Make Your Backyard an Example of Soil Conservation

8 Jun

Hope you enjoyed World Environment Day!  Any WED stories you’d like to share?

This week we thought we’d focus on a more obvious form of conservation – backyard composting.  Keeping our soil nutrient rich is very important in this age of mono-crops and heavy pesticide use.

If you’d like more info on the current state of our soil – check out a documentary called Dirt.

Do your part to enrich the soil by composting your food and yard scraps.  Here’s a few tips from Adria Vasil in Ecoholic Home:

Nova Scotians have it right. Out east it’s illegal to throw an apple core or any other food scraps in the garbage, since there’s a better place for them: the composter. Of course, if your town isn’t as ecologically enlightened and hasn’t started picking up compostables door to door (yes, they do that in other cities!), then you might want to set your own backyard example. A third of the trash we put at the curb is actually food waste: stuff that just ends up rotting and creating toxic gases in land fill when it can easily be turned into nutrient-rich compost. Just get yourself a bin from your local garden centre, green store or hardware store (either a rotating one, a regular plastic one with a lid and air holes, or a wooden one), place it on a level spot in a corner of your yard, then get started.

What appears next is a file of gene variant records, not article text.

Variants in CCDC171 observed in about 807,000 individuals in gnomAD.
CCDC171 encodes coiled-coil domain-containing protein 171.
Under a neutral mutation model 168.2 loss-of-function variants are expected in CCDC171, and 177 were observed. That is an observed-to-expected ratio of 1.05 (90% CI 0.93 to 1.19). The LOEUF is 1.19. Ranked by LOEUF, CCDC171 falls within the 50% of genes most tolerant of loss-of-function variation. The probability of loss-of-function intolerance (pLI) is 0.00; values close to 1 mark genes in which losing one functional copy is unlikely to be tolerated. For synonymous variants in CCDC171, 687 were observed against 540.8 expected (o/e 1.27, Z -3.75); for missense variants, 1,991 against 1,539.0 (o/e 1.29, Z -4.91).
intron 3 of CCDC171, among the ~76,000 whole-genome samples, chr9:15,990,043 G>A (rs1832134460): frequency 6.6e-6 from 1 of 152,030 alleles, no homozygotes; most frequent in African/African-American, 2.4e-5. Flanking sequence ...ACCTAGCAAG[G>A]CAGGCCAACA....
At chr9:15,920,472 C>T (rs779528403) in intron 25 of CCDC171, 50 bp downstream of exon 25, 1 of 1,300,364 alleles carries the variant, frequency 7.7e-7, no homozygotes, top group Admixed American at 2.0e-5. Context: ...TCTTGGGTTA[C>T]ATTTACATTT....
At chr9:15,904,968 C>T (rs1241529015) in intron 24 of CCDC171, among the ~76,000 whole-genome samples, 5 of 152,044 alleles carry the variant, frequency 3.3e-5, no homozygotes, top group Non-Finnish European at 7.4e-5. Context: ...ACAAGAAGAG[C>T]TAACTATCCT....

• Feed me, Seymour: You’ll want to feed your compost equal layers of green stuff (food scraps, coffee grounds, tea bags, house-plants) and brown stuff (dry grass clippings, dry leaves, straw, a few wood chips). Unless you want to encourage raccoon break-ins, keep meat and fish, dairy products, peanut butter and fats out. Diseased plants, cat lifter and weeds (like crabgrass) should be left out too.
  • Create a layer cake: Start by laying down a layer of twigs or coarse material, then a io-centimetre layer of browns, followed by a 10-centimeter layer of greens, then a thin layer of soil. Continue alternating layers, stir it up every couple of weeks, and you should have good compost within a few months.
  • Problem solving: Weird smells? Compost MIA? That means you/ve been putting in too much of one layer or another.  For troubleshooting tips, check out Cornell’s Department of Crop and Soil Science’s handy chart.

(photo from Richmond.ca)

Any pro gardeners out there?  Tell us about how you use your compost!

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